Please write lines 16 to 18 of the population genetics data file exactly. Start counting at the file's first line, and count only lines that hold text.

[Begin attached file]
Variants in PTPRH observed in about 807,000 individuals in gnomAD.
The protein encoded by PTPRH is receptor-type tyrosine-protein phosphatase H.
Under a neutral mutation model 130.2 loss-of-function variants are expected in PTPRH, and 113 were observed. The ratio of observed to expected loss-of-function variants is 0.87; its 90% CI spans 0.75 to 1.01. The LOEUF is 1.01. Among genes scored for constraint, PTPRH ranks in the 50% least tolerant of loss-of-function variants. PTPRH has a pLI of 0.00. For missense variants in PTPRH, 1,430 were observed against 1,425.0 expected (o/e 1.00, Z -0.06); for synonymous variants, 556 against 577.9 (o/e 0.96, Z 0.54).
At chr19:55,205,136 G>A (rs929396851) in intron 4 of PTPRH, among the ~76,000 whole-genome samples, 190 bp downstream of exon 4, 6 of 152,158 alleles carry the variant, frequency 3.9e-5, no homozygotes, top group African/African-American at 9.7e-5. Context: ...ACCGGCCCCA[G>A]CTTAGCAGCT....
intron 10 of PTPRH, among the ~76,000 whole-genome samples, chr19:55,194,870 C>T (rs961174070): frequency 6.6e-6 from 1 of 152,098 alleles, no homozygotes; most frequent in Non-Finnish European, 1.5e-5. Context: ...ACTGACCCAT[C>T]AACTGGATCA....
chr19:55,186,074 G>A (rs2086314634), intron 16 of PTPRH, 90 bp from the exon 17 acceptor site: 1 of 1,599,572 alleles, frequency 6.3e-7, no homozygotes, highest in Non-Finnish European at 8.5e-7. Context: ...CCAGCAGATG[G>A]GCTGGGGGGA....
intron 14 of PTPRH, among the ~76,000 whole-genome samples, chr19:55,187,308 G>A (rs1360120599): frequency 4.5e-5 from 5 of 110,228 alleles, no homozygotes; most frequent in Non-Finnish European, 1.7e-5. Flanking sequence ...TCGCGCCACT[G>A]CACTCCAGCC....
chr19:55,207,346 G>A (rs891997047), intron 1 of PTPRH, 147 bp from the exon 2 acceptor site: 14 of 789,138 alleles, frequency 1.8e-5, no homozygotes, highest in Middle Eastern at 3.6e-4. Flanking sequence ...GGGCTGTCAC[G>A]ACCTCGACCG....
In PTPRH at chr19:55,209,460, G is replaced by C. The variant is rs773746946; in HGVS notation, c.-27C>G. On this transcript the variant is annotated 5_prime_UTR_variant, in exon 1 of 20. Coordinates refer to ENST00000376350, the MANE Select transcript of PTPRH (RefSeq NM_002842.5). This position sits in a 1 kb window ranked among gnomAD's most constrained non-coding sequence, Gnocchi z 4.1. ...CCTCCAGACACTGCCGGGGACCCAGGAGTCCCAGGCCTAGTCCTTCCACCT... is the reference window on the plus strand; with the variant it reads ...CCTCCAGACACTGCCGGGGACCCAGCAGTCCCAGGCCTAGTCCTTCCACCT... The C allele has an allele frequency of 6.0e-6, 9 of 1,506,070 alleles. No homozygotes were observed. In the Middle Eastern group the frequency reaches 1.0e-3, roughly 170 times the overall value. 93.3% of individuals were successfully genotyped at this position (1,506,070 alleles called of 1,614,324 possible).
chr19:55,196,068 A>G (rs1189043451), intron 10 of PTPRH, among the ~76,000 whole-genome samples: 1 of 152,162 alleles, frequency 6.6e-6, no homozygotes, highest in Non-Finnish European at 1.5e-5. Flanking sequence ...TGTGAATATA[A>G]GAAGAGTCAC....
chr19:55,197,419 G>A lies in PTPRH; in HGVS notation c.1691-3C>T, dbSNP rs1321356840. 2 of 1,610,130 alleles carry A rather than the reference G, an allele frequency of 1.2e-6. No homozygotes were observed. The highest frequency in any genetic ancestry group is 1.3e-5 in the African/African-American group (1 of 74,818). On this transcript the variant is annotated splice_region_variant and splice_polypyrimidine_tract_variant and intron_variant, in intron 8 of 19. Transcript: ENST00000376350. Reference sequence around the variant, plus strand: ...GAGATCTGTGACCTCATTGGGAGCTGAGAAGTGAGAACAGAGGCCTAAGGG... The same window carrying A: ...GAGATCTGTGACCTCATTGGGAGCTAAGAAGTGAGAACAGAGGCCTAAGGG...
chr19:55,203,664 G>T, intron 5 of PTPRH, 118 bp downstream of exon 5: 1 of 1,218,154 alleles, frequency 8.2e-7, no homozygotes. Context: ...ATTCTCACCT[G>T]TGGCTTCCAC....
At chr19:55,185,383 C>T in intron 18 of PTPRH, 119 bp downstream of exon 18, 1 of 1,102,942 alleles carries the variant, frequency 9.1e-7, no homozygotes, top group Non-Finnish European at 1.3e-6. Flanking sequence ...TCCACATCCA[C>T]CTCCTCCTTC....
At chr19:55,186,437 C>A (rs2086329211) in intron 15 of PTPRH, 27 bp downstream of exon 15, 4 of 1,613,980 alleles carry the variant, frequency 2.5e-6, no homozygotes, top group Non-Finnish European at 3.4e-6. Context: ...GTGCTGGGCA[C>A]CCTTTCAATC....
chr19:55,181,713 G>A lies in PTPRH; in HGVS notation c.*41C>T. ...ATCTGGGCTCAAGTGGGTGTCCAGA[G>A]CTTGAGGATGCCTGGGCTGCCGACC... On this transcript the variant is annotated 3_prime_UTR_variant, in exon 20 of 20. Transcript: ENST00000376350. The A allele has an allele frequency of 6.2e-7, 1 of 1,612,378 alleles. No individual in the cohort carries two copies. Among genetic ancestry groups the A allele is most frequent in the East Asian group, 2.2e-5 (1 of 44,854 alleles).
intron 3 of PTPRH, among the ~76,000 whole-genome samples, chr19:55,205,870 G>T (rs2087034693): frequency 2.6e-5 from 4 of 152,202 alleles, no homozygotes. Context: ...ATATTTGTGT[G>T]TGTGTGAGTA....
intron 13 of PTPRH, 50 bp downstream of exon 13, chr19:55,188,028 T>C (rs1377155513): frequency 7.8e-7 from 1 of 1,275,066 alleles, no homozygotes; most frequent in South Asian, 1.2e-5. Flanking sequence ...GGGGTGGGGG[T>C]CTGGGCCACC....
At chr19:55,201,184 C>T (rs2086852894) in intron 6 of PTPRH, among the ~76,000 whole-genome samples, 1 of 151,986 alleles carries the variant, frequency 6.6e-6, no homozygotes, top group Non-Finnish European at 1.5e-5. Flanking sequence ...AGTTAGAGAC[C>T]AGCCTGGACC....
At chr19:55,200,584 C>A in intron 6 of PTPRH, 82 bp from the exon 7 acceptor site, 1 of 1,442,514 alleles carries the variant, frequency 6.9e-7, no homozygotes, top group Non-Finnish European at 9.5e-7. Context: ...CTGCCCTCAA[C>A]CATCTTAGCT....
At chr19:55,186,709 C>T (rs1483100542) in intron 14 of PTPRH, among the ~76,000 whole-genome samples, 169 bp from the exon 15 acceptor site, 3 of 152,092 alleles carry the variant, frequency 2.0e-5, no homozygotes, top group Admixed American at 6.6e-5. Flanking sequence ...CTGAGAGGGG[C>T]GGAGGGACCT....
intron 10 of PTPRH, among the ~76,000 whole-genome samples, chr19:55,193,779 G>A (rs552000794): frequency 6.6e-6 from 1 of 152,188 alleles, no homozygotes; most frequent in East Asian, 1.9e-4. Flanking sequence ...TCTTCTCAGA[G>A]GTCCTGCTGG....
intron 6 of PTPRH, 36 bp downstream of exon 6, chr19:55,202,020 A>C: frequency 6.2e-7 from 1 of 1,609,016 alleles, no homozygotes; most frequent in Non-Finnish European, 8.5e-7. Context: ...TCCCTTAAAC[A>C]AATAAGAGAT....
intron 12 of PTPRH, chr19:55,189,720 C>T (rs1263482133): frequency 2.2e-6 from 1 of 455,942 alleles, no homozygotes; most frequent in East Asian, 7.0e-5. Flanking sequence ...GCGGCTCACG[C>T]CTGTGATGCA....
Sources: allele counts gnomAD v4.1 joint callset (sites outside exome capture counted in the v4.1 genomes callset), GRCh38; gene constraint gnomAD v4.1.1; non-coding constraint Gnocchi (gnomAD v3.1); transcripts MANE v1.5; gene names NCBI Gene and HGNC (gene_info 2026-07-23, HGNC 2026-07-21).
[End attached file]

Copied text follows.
intron 3 of PTPRH, among the ~76,000 whole-genome samples, chr19:55,205,870 G>T (rs2087034693): frequency 2.6e-5 from 4 of 152,202 alleles, no homozygotes. Context: ...ATATTTGTGT[G>T]TGTGTGAGTA....
intron 13 of PTPRH, 50 bp downstream of exon 13, chr19:55,188,028 T>C (rs1377155513): frequency 7.8e-7 from 1 of 1,275,066 alleles, no homozygotes; most frequent in South Asian, 1.2e-5. Flanking sequence ...GGGGTGGGGG[T>C]CTGGGCCACC....
At chr19:55,201,184 C>T (rs2086852894) in intron 6 of PTPRH, among the ~76,000 whole-genome samples, 1 of 151,986 alleles carries the variant, frequency 6.6e-6, no homozygotes, top group Non-Finnish European at 1.5e-5. Flanking sequence ...AGTTAGAGAC[C>T]AGCCTGGACC....